Medium of language in which the competitive examinations for all India and Central Services are to be conducted was also a question examined by the Official Language Commission. It recommended that 'the alternative of the Hindi medium in addition to the existing English medium may be introduced after the notice. As and when other regional languages become medium of instruction in the Universities up to graduation stage as Hindi has done the admission of other linguistic media will have to be considered'. And "the medium of the English language may be continued as an alternative for as long as may be necessary, etc"13.


The recommendations of the Official Language Commission were considered by the Parliamentary Committee with G.B. Pant as the Chairman. The Parliamentary Committee advised to dropping the recommendation relating to punitive measure for the employees who do not learn Hindi within the pecific period; not to put a condition that employees above the age 45 years should learn Hindi; the recommendation relating to language use in the Parliament and Legislature are beyond the jurisdiction of the Official Language Commission. Regarding the language medium for the competitive examinations of the Union the Committee suggested inclusion of Hindi as a desirable medium after some time; English and Hindi could be kept for as long as necessary allowing the candidates to choose any one of them. Even after change of the medium of examination a compulsory paper on English should be there as long as Hindi is brought to use completely, etc."14.


The Official Language Review Committee of Andhra Pradesh was constituted on 10th November 1967 to review the implementation of the orders issued by the Government under the Andhra Pradesh Official Language Act, 1966. Broadly the terms of reference for the Committee were :

i) to review the progress made in the implementation of the orders issued by the
Government in regard to the use of Telugu for official purpose;
ii) to suggest methods, if any, for better implementation thereof; and
iii) any other matter that may be entrusted to it by the Government.

In the Taluk level, the Committee felt that with greater effort of the superior officers, training of typists, supply of type-writers and switching over to Telugu printed forms, Telugu can be implemented as official language completely. The Committee also suggested for extending of the Telugu language use in offices to the district offices in two years and in five years to the State level; use of Telugu in Legislature for answering questions, call attention notices; use in the mofussil courts for administration of justice; training of non-Telugu knowing staff in noting and drafting; extension of the facility for option to the candidates to answer in Telugu all the papers except English Composition in Group I and I services of the Pubic Service Commission, etc. Regarding other languages used for specific purposes in the State the Committee recommended for independent steps to betaken to review their use. However, said that observations made by the Committee regarding Telugu will apply mutatis mutandis to these languages also.15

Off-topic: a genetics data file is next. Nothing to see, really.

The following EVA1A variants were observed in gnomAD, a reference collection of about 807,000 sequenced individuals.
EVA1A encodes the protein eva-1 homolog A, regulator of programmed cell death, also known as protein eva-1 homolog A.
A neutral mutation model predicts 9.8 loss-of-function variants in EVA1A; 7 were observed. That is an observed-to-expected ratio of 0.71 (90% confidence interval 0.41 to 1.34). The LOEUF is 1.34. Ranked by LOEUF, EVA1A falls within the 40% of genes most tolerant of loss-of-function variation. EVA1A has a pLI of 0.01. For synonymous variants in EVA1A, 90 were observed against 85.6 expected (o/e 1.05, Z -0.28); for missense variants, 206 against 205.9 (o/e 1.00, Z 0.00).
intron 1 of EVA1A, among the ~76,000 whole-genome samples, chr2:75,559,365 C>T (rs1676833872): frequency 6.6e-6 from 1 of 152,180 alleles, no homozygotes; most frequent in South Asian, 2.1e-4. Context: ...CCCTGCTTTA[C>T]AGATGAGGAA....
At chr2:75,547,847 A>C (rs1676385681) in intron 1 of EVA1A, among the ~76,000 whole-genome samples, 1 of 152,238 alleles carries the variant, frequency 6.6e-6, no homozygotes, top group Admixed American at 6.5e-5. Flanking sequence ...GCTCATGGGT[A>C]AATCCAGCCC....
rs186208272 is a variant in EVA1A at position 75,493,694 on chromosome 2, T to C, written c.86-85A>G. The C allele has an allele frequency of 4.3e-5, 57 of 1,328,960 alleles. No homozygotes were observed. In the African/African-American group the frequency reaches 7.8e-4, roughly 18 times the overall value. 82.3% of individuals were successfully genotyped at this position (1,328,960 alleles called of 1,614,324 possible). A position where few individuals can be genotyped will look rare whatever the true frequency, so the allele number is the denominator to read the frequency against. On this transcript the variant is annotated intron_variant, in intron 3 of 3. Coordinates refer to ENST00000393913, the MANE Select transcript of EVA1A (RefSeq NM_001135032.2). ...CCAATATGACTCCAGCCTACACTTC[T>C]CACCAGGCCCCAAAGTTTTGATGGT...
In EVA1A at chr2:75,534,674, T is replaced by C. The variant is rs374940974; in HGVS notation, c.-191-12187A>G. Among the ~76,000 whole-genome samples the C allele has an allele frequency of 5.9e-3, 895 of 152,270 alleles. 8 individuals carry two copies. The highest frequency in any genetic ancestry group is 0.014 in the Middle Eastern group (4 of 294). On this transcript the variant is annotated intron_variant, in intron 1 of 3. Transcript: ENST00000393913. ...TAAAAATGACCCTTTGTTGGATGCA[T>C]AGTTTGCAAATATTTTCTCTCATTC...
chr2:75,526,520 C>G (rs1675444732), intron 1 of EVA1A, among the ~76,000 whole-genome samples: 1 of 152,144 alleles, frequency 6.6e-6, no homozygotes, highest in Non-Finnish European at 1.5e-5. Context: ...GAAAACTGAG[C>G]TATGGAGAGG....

The Kannada Language Committee was appointed by the Government of Karnataka (then Mysore) on 6th August, 1970 'to make recommendations to the Government as to the steps to be taken to use Kannada as the language of Administration in all sub-division level offices of the State from 1st November, 1970 and also for progressive use of Kannada at all levels of administration'.

Here it can be seen that when a language becomes official language, and when it is to be used for administration, the concerns of the public, the concerns of the Government employees and the Language Committees get reflected in type of suggestions that they make for effective implementation. They are very well brought out in the Report of the Kannada Language Committee.

The officials suggested to the Committee to supply the typewriters; glossary lists, Acts and Bills in Kannada; create facilities for learning Kannada typing; orders to be issued from the Secretariat and the Heads of the Department should be in Kannada, so that those could be considered as authorized Kannada versions; preference to be given to Kannada knowing persons in KPSC and UPSC examinations; interviews to be conducted in Kannada only; in all the departmental examinations, at least one question be asked in Kannada and answered in Kannada; appointment of a translator in the office of the Deputy Commissioner; Kannada be implemented at all levels of administration.

The public and representatives of organizations suggest for administration at all levels in Kannada; offices to be manned by people knowing Kannada; Kannada in sign boards; interviews in Kannada for Government offices and appointments in factories, etc. Kannada in court; fixation of time limit to non-Kannada knowing as compulsory subject; Kannada as medium of instruction in all schools; teaching Kannada as compulsory subject; Kannada as medium of instruction in all schools; relevant material for use of Kannada in administration to be made available for public also; priority for applications received in Kannada; compulsory teaching of Kannada at all levels along with other languages; while implementing the recommendations safeguards required to be accorded to linguistic minority must be taken into consideration; preference should be given to the persons who have passed the degree with Kannada as optional subject; etc.16

In the light of recommendations of these Commissions and Committees, the recommendations of the All India Official Languages Conference held from 1st to 3rd March, 1978 could be seen. The conference recommended for a time-bound programme to conduct the entire work in the concerned official language as 'the progress in this respect is not satisfactory'; work should be done originally in the Official Language but not through translation; the language used in administration should be simple and intelligence which may be easily understood by an ordinary employee or members of the public; to take prompt action on the letters received from the members of the public in regional language in the offices of the Central Government located in non-Hindi speaking areas; for the recruitment, examinations conducted by the States, Public Service Commission and other recruitment agencies in addition to a paper in English or Hindi there should be one compulsory paper on any Indian language recognized by the State (including the official language); candidates opting for a language other than the Official Language of the State should be required to appear in the prescribed examination in Official Language after entering into the service and in "All India Service Examination there should be a compulsory paper of a modern Indian language mentioned in the Eighth Schedule of the Constitution, etc."17